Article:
Boeing’s 777 woes have yet to be over. The US Federal Aviation Administration proposed a $2.75 million fine to the airplane manufacturer on Friday for its delay in fixing fasteners on its 777 wide-body airplane.
The penalty is unusually high and comes three years after Boeing announced it had addressed the FAA’s concerns, which date back to 2008.
The FAA is known for imposing fines for rule violations, reports Reuters. However, fines over a million dollars are more rare. The action against Boeing for the 777 issue comes as the company’s newest commercial airliner, the 787 Dreamliner, suffered a recent mishap.
The 787 saw a spontaneous fire aboard an Ethiopian Airlines jet parked in a remote area of Heathrow Airport earlier this month. In announcing the FAA’s proposed fine for Boeing, US Transportation Secretary Anthony Foxx stated:
“Safety is our top priority and a robust quality control system is a vital part of maintaining the world’s safest air transportation system. Airplane manufacturers must take prompt and thorough steps to correct safety and compliance problems once they become aware of them.”
The FAA alleges that Boeing took two years to fix the 777’s fasteners issue. While the company discontinued using the problem fasteners, the FAA says the company didn’t perform a comprehensive fix until 2010, notes ABC 15.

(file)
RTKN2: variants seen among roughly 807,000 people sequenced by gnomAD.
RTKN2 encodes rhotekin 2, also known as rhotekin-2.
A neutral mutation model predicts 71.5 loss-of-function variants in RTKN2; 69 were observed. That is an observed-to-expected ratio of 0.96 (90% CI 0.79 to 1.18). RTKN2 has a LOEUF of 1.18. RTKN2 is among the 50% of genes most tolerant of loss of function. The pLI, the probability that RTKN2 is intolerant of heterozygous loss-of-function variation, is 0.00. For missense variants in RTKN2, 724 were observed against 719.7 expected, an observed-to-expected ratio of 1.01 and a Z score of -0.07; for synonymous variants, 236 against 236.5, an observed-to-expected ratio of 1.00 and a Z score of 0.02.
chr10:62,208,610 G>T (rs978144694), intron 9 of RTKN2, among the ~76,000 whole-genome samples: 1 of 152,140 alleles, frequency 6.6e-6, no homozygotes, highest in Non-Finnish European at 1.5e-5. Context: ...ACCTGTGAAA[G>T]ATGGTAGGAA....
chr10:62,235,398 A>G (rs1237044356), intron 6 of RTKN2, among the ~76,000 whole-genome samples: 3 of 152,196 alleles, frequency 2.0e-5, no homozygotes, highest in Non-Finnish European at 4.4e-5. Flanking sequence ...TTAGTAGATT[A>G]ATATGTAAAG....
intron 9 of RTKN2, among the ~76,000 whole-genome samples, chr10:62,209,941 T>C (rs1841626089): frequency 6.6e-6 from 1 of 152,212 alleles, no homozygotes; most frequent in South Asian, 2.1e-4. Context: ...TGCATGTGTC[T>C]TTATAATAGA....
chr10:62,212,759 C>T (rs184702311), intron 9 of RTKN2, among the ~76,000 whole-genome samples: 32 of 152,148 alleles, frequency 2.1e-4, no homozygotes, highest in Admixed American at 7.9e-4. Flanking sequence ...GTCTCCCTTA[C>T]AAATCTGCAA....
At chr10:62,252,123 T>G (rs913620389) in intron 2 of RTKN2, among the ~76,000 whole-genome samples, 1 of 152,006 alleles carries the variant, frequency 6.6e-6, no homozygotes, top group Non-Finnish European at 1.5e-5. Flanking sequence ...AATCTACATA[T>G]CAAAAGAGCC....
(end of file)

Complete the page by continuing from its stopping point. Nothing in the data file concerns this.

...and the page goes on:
But Boeing stated that it takes “any concern about safety, compliance and conformity very seriously.” The company added that it responded to the 777 fastener issue by creating a database to track potential issues, adding additional manager oversight, and has communicated better with the FAA to ensure all concerns are addressed.
Boeing added that it will give the government a formal response within the required 30-day window. The company explained, “We are working closely with the FAA to ensure we understand and address any remaining concerns with this proposed penalty.”
While the Boeing 777 violation apparently carries a fine of $25,000 per day, the FAA announced it would be willing to settle for $2.75 million.
[Image by David Monniaux via Wikimedia Commons]